Windows 7 screen shot
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Presumably most heavily under scrutiny is whether the OS causes host computers to favor Microsoft applications over third-party software -- a practice the federal government cited in its original complaint against the company.
Earlier this week, the European Commission filed an objection with Microsoft over its bundling of the Internet Explorer browser with Windows.
The court document noted that Technical Committee experts no longer will build prototype systems to test the interoperability documents that Microsoft is supplying, given the volume of documentation that the effort is generating.
"In light of the number of new documents that need to be reviewed, the TC is going to shift its focus to direct review of the documents by the TC's engineers," the government said. "The revised strategy will enable the TC to review the new Windows 7 and system documents more thoroughly than it would otherwise."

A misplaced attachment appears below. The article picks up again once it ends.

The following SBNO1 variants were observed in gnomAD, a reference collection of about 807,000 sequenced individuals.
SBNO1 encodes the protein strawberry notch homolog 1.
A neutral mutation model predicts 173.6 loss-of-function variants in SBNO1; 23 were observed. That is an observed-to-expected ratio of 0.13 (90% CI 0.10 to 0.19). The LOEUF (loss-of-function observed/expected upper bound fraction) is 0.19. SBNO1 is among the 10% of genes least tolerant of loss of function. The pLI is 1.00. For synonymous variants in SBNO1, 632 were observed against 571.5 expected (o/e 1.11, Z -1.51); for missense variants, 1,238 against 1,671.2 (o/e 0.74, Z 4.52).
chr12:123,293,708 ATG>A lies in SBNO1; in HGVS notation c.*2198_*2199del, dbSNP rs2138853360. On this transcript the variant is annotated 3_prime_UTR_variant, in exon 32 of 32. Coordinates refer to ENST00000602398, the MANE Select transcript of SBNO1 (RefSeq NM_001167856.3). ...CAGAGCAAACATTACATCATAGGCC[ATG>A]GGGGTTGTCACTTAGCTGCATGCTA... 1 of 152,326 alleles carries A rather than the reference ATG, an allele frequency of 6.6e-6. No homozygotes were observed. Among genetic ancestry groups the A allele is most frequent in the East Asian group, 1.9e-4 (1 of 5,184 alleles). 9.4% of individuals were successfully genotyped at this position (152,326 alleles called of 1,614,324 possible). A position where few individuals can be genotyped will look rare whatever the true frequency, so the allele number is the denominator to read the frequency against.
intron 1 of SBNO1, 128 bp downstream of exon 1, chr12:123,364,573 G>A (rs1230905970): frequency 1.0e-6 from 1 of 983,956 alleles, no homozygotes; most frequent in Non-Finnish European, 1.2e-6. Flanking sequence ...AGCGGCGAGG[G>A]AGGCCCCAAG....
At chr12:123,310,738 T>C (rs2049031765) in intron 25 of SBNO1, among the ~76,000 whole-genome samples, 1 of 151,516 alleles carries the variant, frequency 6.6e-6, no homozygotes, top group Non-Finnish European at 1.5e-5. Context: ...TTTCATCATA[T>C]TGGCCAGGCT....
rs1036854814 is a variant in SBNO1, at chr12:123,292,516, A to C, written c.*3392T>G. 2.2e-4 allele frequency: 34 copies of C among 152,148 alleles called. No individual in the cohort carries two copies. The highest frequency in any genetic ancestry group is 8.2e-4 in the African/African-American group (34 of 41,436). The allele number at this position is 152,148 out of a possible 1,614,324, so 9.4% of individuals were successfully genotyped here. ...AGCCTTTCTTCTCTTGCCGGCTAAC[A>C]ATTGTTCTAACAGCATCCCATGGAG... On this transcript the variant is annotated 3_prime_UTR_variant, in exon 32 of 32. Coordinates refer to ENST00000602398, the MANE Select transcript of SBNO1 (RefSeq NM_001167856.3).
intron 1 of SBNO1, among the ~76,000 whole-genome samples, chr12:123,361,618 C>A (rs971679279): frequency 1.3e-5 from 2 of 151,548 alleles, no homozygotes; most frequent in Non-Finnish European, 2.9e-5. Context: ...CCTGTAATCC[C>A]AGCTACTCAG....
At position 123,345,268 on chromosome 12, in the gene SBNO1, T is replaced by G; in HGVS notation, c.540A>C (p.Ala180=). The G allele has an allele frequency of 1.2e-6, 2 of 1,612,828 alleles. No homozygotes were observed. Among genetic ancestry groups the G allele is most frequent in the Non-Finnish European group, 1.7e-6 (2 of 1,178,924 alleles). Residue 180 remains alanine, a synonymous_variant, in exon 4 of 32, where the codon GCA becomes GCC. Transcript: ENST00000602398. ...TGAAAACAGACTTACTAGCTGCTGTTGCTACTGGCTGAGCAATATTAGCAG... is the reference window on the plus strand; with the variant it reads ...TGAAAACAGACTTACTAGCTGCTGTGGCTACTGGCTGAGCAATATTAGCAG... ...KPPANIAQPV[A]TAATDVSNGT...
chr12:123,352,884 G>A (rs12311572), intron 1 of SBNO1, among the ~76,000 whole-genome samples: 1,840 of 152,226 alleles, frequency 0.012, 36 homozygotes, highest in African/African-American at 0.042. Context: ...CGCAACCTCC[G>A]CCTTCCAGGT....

The U.S. government sued Microsoft for antitrust violations in 1998, alleging that the company was using its dominant position in the software market to stifle competition. Under a 2001 settlement, Microsoft agreed to share documentation with rivals and to take other steps to promote the interoperability of Windows with third-party applications.
Microsoft plans to release a final version of Windows 7 in late 2009 or early 2010. The trial version is available to the public as a free download from the company's Web site.